• Yes, there are a few specific instances, such as this one (leaving the yard), that I am struggling with as I try to parent without punishment. The only way I can figure out how to handle this is to talk with my three year old about it and then say, “This is one of those times that mommy has to be like a police man. You may not go —–. If you do, we will have to go inside and play.” And I have no idea how to handle it with my one year old. Another time that I have trouble with is simply when I ask, “Will you come here?” I have so much trouble with giving them the option to come or not come when I call. I try to keep my mindset, “If I would not say this to Jim (my partner), then I won’t say it to Em and H (my kids). If I would not expect this from Jim, then I won’t expect it from Em and H.” But there are times that I need to make the final decision. I’m stumped and frustrated in these times and that is when I want to go back to my distraction and manipulative ways to get them to do what I want. Grrr. Thanks for any insight.

      • Another couple examples that came up yesterday that stump me are: 1) My partner (Jim) wants my son to eat with us or at least sit at the table with us for dinner. My son fights it every night. So, every evening we begin dinner with them fighting. I asked Jim to let him decide when to come to the table, but Jim refuses. He believes a family should eat together and that it is non-negotiable. How to I approach it differently? 2) Also, my son still needs a nap or else he will be cranky by 3 PM. He doesn’t want to nap. I can only get him to sleep if I lie with him after we read our three books together (we do this immediately after I nurse my 19 month old to sleep for her nap). He will fall asleep as we lie together, but if Em (my 19 month old) wakes up, he will not stay in the bed. My parents say to spank him every time he gets up, which I refuse to do. Jim doesn’t want to spank him for that either but thinks he should learn to go to sleep and stay in bed on his own (because he IS sleepy.) What do I do that will help him want to do this because he is only 3 and just goes berserk if I tell him to try to go to sleep by himself (Jim lies with him at night for him to go to sleep, but if Em tries to lie with us for nap when she wakes up before he falls asleep, H won’t go to sleep because they try to play over me.) Blech. Help. I want to be this kind of parent that I read about here, but am struggling with some daily disagreements. Thanks.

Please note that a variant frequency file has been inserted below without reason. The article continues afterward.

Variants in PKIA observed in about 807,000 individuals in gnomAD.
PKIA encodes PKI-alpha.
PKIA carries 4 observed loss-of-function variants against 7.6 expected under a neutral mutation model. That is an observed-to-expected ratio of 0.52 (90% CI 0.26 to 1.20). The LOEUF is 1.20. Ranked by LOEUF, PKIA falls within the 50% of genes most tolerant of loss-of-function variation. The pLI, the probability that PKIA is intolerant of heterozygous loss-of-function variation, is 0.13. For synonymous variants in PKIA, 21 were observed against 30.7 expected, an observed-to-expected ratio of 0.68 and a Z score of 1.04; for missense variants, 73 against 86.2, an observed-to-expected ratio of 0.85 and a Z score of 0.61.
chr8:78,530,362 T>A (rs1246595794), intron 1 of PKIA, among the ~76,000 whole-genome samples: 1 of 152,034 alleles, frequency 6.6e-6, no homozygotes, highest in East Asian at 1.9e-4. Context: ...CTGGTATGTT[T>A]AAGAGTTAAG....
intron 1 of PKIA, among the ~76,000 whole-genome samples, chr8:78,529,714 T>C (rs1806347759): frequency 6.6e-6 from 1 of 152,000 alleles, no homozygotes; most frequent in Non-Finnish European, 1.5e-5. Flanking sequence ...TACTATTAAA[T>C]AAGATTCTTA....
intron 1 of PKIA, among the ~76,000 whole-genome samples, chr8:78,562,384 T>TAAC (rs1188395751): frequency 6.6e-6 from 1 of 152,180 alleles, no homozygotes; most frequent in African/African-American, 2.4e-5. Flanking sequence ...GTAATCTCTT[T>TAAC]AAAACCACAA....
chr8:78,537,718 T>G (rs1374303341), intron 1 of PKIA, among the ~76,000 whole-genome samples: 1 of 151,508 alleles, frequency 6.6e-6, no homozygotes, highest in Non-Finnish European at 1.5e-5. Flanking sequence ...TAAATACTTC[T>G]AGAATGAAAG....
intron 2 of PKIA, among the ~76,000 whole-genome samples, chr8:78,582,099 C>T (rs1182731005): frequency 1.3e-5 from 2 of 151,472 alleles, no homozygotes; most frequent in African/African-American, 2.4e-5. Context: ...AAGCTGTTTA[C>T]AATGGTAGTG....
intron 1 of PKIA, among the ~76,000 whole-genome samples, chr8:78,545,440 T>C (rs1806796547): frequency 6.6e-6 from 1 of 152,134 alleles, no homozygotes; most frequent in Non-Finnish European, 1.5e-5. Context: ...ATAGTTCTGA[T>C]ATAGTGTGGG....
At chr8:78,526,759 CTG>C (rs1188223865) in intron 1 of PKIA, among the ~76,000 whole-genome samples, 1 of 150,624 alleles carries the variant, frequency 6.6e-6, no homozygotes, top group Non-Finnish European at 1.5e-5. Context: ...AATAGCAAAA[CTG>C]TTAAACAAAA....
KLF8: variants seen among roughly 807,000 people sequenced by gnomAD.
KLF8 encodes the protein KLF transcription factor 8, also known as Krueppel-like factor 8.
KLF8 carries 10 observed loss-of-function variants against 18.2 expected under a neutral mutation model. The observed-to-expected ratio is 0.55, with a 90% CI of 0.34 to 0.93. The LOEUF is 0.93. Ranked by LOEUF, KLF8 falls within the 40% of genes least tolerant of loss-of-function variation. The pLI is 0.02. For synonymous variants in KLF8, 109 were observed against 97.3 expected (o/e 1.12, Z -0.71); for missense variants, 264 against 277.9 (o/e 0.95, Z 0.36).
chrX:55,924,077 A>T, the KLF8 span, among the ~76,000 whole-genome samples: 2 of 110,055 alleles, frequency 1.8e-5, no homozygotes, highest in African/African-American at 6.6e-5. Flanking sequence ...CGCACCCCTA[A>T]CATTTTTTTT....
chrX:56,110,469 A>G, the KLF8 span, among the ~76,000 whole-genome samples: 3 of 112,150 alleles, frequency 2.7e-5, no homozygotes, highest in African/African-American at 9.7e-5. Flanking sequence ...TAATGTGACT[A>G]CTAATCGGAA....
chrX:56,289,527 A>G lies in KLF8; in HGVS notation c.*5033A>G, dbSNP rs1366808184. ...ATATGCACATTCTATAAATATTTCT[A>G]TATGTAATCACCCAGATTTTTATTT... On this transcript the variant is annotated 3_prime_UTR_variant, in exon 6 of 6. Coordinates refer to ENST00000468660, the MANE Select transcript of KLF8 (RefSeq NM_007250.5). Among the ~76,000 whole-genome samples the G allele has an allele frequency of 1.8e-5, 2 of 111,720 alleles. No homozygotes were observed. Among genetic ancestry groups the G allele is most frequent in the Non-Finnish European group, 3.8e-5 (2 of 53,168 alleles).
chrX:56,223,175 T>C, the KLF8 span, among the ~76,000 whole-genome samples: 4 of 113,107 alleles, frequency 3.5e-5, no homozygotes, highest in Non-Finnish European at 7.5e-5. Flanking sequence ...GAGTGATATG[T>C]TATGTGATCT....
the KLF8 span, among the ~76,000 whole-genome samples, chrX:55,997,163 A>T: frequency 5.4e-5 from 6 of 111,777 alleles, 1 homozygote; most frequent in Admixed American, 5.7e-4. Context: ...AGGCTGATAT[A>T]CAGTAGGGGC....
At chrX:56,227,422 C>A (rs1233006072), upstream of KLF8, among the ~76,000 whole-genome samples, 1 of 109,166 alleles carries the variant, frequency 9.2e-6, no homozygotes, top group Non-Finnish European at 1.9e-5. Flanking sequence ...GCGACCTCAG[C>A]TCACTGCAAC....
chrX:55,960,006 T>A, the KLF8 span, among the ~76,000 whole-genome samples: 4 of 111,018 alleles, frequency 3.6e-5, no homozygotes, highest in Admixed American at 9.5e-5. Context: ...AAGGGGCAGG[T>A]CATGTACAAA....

5. Thank you. Yes, a breath of fresh air and issues I deal with every day as the single mother of an unschooled eight years old, and that I deal with and sometimes have to explain to other parents or people who do not see it that way. Respect is the key word I think, and you worded it beautifully. Thank you again. Kenza.

  6. Hello again,

    First of all – amazing photograph of a lady in yellow dress.
    I would like to ask – if private time is a right to everybody how would you explain to the child that you need it to – not to be asked to do something, to talk, to be somewhere?

    Thank you!